Get ready for plastic banknotes

23 May 2014

Rather than the tatty, coke-impregnated bits of scrap paper that pass for money these days, the Clydesdale bank is introducing a shiny new plastic note next year, to commemorate the 125th anniversary of the Forth Bridge.

Like most things that Westminster isn’t 100% sure about, like Poll Tax and stuff, the polymer notes will be introduced in Scotland first, and then will come into circulation in England in 2016.

The fiver will feature a picture of the bridge with a hairy old engineer on the back.


And to prove that it’s not entirely random, what’s the betting that someone at the Clydesdale Bank will mumble some weak symbolic link between the ground breaking bridge and plastic money?

‘The structure is renowned across the world as an incredible feat of engineering so it was a fitting choice for a ground-breaking new banknote. The Forth Bridge’s super structure certainly lends itself to the intricate processes of banknote printing, combining security, durability and an aesthetically-striking design.'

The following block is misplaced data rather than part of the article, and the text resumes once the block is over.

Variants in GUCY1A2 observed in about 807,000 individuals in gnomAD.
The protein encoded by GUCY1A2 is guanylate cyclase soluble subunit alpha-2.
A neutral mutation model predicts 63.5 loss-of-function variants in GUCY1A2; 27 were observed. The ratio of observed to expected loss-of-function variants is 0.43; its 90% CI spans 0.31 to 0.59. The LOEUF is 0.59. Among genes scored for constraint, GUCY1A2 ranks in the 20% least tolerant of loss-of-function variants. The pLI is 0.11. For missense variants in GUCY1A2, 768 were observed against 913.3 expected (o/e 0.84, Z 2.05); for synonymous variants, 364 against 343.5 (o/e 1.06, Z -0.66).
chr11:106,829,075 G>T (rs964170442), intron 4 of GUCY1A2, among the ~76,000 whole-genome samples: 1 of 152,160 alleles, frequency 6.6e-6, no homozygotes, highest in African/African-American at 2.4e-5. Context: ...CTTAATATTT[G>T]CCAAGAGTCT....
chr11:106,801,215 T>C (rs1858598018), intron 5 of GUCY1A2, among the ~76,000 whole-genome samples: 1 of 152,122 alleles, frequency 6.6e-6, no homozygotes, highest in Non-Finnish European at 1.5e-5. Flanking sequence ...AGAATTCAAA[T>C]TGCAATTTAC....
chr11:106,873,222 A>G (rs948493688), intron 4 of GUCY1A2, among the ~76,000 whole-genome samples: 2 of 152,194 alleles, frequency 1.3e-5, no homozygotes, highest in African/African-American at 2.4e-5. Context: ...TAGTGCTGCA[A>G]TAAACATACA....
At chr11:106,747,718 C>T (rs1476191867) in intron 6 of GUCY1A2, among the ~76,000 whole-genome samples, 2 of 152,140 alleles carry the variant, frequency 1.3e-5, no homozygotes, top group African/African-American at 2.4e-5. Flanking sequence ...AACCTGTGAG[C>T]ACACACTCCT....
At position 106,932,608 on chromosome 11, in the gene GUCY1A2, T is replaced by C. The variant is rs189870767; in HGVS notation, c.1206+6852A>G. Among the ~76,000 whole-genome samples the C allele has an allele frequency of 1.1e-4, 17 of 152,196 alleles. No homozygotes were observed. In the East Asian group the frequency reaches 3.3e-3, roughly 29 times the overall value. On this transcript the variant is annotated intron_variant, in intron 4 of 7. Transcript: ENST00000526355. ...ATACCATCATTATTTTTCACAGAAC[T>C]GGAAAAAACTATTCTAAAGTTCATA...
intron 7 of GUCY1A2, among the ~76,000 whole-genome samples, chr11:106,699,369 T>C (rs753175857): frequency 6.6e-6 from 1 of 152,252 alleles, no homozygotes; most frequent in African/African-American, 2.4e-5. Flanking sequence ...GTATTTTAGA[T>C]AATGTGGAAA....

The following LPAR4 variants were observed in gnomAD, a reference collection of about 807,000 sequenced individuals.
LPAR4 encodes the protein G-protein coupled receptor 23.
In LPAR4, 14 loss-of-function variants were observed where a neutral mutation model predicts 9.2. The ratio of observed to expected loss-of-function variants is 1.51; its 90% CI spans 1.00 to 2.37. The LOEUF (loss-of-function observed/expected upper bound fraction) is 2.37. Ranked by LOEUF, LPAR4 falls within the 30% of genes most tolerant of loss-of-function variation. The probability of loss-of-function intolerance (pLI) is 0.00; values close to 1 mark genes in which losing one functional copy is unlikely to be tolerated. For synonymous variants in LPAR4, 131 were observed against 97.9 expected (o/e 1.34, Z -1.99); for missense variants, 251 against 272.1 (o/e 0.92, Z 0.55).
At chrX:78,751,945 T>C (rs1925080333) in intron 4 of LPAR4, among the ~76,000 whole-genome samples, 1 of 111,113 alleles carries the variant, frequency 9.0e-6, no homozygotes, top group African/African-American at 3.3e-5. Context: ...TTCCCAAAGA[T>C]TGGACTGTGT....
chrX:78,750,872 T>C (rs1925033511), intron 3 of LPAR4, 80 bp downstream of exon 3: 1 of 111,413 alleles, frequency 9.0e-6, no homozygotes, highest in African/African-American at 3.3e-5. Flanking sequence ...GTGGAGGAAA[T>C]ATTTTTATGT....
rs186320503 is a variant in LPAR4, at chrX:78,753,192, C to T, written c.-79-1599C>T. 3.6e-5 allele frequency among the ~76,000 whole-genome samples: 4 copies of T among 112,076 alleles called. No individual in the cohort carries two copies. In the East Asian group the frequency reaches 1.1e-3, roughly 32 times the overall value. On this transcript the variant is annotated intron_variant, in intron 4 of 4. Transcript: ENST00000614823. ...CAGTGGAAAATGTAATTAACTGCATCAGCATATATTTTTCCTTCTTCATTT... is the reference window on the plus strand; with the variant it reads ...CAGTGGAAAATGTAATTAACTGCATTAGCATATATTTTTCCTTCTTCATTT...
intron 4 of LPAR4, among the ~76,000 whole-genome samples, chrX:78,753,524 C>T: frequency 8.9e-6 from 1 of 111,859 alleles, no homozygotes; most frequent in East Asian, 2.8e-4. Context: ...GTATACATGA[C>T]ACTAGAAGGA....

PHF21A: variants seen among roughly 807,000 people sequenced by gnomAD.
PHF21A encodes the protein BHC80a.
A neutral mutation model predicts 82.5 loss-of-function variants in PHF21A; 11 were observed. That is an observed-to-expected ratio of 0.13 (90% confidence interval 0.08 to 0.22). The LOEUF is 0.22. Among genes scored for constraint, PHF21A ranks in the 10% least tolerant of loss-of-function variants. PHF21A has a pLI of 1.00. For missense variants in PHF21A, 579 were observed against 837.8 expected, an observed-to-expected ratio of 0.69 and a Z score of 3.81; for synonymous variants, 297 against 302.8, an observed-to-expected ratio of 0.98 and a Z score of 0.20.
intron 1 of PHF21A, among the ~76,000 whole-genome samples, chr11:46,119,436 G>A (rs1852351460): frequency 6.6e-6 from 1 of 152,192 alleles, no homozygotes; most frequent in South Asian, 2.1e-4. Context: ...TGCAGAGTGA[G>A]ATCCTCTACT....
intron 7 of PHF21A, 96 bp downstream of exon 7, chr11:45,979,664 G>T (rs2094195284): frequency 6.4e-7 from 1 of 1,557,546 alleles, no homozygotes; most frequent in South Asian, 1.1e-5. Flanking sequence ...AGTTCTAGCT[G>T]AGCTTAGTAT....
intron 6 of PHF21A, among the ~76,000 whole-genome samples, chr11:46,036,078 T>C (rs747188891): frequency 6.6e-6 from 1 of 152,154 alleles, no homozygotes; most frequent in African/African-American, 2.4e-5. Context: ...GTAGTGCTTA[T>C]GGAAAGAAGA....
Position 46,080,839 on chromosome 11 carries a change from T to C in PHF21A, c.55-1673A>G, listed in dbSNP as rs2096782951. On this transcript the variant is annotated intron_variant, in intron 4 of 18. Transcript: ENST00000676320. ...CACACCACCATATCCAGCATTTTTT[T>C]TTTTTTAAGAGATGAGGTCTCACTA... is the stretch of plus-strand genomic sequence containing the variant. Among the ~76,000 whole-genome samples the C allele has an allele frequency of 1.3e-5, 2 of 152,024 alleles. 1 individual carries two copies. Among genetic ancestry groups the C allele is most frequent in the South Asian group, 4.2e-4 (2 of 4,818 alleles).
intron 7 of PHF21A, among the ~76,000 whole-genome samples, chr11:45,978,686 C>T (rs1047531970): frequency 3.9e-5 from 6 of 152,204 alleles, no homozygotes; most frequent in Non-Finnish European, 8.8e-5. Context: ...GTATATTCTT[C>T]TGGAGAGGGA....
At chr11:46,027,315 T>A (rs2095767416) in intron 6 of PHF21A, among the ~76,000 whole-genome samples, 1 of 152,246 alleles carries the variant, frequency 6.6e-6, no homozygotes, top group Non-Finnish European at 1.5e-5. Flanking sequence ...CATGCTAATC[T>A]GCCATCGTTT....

The bank haven’t yet decided whether more polymer notes will be produced yet, but it will be the first to feature the exciting sounding Spark Orbital security mark. And as Scotland pioneered all the cool stuff, like telly, the Beano and fried pizza suppers, chances are its new banknote technology will soon catch on everywhere else.

Mind you, judging by the photo, it's pretty big, innit?

TOPICS:   Banking   Travel   Economy


  • jim
    lol is that a fiver in my pocket or am i just pleased to see you. seriously though can you still roll them up and have a toot? flex wid da erb
  • Dacouch
    So I'm guessing Clydesdale Bank are expecting Scotland to vote no if they investing in plastic bank notes that are more expensive to produce but last longer.
  • Han S.
    It'll soon catch on everywhere else? Like Australia, Bermuda, Brunei, Canada, New Zealand, Papua New Guinea, Romania, Vietnam, Bangladesh, Brazil, Chile, Dominican Republic, Hong Kong, Indonesia, Israel, Malaysia, Mexico, Nepal, Sri Lanka, Thailand, Samoa, Singapore and Zambia who already use them?

What do you think?

Connect with Facebook, Twitter, or just enter your email to sign in and comment.

Your comment